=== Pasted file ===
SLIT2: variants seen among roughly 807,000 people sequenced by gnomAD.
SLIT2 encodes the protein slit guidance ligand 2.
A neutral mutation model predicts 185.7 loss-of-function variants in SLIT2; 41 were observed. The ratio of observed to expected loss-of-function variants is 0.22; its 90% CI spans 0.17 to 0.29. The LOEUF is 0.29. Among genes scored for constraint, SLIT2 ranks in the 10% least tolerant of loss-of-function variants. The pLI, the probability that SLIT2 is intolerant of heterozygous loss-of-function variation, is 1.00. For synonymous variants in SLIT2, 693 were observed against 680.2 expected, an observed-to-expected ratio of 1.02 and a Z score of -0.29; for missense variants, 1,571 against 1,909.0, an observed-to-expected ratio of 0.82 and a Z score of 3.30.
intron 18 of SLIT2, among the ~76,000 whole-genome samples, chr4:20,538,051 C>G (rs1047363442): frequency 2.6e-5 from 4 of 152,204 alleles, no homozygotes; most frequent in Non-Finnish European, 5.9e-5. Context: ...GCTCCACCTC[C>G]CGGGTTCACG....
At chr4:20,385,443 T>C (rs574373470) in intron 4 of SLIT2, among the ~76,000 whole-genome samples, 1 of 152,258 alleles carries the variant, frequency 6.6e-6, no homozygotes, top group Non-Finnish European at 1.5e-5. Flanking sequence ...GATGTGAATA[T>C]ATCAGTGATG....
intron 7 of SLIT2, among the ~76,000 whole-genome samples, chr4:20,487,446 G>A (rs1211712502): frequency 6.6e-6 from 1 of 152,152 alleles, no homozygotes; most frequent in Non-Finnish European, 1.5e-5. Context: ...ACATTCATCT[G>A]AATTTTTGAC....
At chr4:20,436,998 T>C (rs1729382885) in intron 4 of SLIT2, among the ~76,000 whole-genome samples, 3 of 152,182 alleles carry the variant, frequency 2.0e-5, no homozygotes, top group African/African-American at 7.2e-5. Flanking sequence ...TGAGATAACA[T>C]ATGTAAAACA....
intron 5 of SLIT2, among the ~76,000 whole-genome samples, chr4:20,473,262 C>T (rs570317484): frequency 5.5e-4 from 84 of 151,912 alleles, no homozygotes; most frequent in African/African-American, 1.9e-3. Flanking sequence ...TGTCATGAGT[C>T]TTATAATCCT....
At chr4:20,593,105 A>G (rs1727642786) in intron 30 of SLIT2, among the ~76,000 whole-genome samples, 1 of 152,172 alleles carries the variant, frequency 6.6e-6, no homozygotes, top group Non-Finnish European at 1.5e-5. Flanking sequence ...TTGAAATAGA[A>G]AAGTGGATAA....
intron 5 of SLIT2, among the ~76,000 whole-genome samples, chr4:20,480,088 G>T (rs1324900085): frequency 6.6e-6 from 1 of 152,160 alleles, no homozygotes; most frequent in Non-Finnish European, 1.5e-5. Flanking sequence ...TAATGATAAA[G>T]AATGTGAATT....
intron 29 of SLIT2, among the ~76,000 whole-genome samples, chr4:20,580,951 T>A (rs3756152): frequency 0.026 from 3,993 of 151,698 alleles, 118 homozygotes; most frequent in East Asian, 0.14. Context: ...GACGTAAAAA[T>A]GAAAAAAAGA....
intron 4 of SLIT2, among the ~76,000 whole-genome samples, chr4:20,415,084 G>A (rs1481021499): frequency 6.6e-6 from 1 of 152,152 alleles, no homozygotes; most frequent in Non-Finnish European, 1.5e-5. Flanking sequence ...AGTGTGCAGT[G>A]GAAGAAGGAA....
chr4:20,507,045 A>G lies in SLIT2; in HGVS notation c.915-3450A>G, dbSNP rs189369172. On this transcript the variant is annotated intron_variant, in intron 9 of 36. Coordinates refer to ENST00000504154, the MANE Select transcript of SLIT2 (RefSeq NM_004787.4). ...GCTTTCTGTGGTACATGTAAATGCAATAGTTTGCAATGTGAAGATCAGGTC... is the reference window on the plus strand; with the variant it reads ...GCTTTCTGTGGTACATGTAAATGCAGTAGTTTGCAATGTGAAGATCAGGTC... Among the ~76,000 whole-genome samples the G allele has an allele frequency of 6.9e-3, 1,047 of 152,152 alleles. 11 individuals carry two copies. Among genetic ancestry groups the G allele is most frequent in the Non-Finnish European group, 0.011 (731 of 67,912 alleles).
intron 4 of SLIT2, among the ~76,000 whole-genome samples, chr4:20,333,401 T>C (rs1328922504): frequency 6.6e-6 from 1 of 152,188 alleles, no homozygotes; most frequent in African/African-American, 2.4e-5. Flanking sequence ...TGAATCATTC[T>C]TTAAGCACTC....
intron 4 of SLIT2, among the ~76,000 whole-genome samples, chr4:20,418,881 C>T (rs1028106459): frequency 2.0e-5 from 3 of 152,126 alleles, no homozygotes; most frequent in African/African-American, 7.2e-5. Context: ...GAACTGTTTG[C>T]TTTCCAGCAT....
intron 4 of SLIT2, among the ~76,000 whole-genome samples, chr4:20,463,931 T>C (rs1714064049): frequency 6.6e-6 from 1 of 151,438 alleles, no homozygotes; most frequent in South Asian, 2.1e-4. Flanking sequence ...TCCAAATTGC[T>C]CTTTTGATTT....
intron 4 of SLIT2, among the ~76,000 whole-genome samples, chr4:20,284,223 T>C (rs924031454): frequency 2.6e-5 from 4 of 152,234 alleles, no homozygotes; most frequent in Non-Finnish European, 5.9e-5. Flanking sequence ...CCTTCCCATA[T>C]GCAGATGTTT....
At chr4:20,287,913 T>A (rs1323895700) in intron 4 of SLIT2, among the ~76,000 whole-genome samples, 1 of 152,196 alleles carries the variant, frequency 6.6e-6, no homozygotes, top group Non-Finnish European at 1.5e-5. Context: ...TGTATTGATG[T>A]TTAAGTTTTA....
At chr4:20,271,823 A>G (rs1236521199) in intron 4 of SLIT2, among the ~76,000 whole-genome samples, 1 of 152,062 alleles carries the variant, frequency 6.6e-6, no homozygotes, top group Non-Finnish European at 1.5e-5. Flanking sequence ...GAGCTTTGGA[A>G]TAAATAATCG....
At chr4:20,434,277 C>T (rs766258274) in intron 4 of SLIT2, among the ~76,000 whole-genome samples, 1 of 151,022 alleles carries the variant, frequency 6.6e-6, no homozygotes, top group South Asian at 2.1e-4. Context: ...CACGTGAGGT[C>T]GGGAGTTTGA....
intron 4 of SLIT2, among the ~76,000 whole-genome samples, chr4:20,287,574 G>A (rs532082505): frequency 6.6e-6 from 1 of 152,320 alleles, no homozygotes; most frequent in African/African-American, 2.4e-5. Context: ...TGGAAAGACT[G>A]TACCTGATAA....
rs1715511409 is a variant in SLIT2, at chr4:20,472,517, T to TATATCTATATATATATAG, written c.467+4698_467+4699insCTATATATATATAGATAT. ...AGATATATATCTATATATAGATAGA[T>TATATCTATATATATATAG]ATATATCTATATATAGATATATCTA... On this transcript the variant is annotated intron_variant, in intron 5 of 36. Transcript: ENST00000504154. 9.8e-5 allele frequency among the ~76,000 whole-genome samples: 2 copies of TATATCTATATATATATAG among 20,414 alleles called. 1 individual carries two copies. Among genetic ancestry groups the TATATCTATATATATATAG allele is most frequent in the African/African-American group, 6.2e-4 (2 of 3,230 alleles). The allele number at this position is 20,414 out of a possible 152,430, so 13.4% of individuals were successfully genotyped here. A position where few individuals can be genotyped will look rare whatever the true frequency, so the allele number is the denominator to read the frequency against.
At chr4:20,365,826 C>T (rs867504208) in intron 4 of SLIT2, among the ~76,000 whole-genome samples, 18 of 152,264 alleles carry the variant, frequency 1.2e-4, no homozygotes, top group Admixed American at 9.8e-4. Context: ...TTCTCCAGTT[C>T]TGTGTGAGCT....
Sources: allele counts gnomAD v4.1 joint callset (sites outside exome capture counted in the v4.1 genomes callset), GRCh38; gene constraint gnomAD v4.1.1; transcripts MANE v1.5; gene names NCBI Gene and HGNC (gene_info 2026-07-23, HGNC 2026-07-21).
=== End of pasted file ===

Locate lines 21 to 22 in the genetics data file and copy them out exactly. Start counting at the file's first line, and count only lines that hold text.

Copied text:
intron 4 of SLIT2, among the ~76,000 whole-genome samples, chr4:20,287,574 G>A (rs532082505): frequency 6.6e-6 from 1 of 152,320 alleles, no homozygotes; most frequent in African/African-American, 2.4e-5. Context: ...TGGAAAGACT[G>A]TACCTGATAA....
rs1715511409 is a variant in SLIT2, at chr4:20,472,517, T to TATATCTATATATATATAG, written c.467+4698_467+4699insCTATATATATATAGATAT. ...AGATATATATCTATATATAGATAGA[T>TATATCTATATATATATAG]ATATATCTATATATAGATATATCTA... On this transcript the variant is annotated intron_variant, in intron 5 of 36. Transcript: ENST00000504154. 9.8e-5 allele frequency among the ~76,000 whole-genome samples: 2 copies of TATATCTATATATATATAG among 20,414 alleles called. 1 individual carries two copies. Among genetic ancestry groups the TATATCTATATATATATAG allele is most frequent in the African/African-American group, 6.2e-4 (2 of 3,230 alleles). The allele number at this position is 20,414 out of a possible 152,430, so 13.4% of individuals were successfully genotyped here. A position where few individuals can be genotyped will look rare whatever the true frequency, so the allele number is the denominator to read the frequency against.